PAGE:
EDITOR'S NOTE—New Directions


Grab a glass of syrah and cozy up to the fire. You’ll find plenty to read in this issue, starting with Patrick J. Comiskey’s tale of two winemaking buddies in Sonoma who grew famous making wines they no longer particularly like to drink.
     Pax Mahle (Pax) and Wells Guthrie (Copain) both developed critical followings based on powerfully rich syrahs and pinot noirs. But in recent years, they’ve turned their back on that style of wine, focusing instead on cool, far-coast sites where they now grow fresh wines with energy and drive.
     As critics at W&S, Patrick and I both love these new wines—though there is at least one leading critic who has called the pursuit of such wine styles “vinofreakism.” Other critics may have their sway in the market. But if liking these wines is vinofreakism, then I am proud to be a freak and excited to promote talents like Mahle and Guthrie, who are making wines they like to drink.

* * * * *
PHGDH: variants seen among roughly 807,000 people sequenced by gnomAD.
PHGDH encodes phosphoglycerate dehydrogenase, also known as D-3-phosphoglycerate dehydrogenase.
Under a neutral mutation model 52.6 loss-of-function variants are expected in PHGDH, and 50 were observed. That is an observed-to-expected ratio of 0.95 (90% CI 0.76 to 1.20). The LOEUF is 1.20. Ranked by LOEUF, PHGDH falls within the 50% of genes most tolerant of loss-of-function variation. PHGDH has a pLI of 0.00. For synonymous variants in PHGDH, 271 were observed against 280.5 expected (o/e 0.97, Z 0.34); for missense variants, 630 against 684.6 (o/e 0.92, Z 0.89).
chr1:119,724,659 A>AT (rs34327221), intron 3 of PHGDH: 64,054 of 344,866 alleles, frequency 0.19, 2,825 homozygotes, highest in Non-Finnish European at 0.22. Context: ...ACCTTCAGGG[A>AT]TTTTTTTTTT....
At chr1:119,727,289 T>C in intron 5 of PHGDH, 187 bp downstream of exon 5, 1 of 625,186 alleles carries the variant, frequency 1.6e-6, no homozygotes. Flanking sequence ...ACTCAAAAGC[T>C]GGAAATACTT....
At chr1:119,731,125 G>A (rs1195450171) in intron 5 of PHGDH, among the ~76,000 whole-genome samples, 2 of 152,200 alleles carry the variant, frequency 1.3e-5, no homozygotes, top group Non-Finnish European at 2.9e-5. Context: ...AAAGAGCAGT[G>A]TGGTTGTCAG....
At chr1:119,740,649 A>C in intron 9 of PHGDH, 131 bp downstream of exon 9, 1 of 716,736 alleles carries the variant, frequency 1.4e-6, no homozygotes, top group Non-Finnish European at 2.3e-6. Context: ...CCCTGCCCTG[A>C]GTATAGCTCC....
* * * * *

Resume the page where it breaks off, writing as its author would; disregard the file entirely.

The model for these wines is the northern Rhône, where legends like August Clape and Thierry Allemand grow syrah that turns once-pragmatic New World winemakers into passionate followers. As Josh Raynolds points out, the critics and collectors are focused on Côte Rôtie and Hermitage, but a lot of New World winemakers are looking to Cornas, where those aforementioned legends are based. Raynolds, a longtime critic for Steve Tanzer’s International Wine Cellar and a legendary wit on the tastings circuit, debuts in this issue of W&S with a perspective on Cornas that Mahle and Guthrie may well find to their taste.
     In another W&S debut, David Rosengarten of The Rosengarten Report brings his love of food and wine to readers with the first in a new series of articles. In this case, a recent visit to Western Australia—particularly the ocean-influenced region of Great Southern—led him to discover a different side of Aussie wine. We gave him four of our favorite Western Australia wines, and asked him to create an Oz-inspired recipe for each. These are not the standard-issue Aussie good drinks—they’re not powerfully explosive or hugely endowed with fruit. Instead, they are elegant, graceful, ocean-inspired wines that resonate with David’s whimsical Aussie food. They’re the wines we like to drink.
     There are plenty more discoveries in our tasting section for this issue, whether syrah, shiraz or Rhônes, carmenères, malbecs or New Zealand pinots. I hope they’ll lead you to some wines you like to drink.